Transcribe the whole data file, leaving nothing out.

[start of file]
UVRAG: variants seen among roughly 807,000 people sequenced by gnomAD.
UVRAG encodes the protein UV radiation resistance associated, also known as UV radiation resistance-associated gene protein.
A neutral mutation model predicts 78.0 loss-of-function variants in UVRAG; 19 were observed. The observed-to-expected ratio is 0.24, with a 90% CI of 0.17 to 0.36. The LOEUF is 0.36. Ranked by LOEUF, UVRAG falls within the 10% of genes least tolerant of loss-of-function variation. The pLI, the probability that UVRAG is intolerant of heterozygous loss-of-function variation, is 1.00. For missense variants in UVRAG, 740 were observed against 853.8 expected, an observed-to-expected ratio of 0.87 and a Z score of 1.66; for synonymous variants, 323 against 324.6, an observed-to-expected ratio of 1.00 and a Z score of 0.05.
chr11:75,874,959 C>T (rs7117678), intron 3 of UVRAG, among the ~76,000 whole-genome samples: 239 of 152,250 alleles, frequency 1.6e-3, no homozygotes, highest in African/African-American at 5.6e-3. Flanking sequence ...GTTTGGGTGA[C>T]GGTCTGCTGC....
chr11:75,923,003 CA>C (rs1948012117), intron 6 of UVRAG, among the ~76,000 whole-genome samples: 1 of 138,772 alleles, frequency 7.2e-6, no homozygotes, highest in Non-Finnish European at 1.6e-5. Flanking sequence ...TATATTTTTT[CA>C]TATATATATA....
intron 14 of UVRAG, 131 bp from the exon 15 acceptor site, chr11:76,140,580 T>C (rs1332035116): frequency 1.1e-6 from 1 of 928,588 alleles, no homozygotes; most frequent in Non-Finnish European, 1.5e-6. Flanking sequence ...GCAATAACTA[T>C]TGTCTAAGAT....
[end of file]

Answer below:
UVRAG: variants seen among roughly 807,000 people sequenced by gnomAD.
UVRAG encodes the protein UV radiation resistance associated, also known as UV radiation resistance-associated gene protein.
A neutral mutation model predicts 78.0 loss-of-function variants in UVRAG; 19 were observed. The observed-to-expected ratio is 0.24, with a 90% CI of 0.17 to 0.36. The LOEUF is 0.36. Ranked by LOEUF, UVRAG falls within the 10% of genes least tolerant of loss-of-function variation. The pLI, the probability that UVRAG is intolerant of heterozygous loss-of-function variation, is 1.00. For missense variants in UVRAG, 740 were observed against 853.8 expected, an observed-to-expected ratio of 0.87 and a Z score of 1.66; for synonymous variants, 323 against 324.6, an observed-to-expected ratio of 1.00 and a Z score of 0.05.
chr11:75,874,959 C>T (rs7117678), intron 3 of UVRAG, among the ~76,000 whole-genome samples: 239 of 152,250 alleles, frequency 1.6e-3, no homozygotes, highest in African/African-American at 5.6e-3. Flanking sequence ...GTTTGGGTGA[C>T]GGTCTGCTGC....
chr11:75,923,003 CA>C (rs1948012117), intron 6 of UVRAG, among the ~76,000 whole-genome samples: 1 of 138,772 alleles, frequency 7.2e-6, no homozygotes, highest in Non-Finnish European at 1.6e-5. Flanking sequence ...TATATTTTTT[CA>C]TATATATATA....
intron 14 of UVRAG, 131 bp from the exon 15 acceptor site, chr11:76,140,580 T>C (rs1332035116): frequency 1.1e-6 from 1 of 928,588 alleles, no homozygotes; most frequent in Non-Finnish European, 1.5e-6. Flanking sequence ...GCAATAACTA[T>C]TGTCTAAGAT....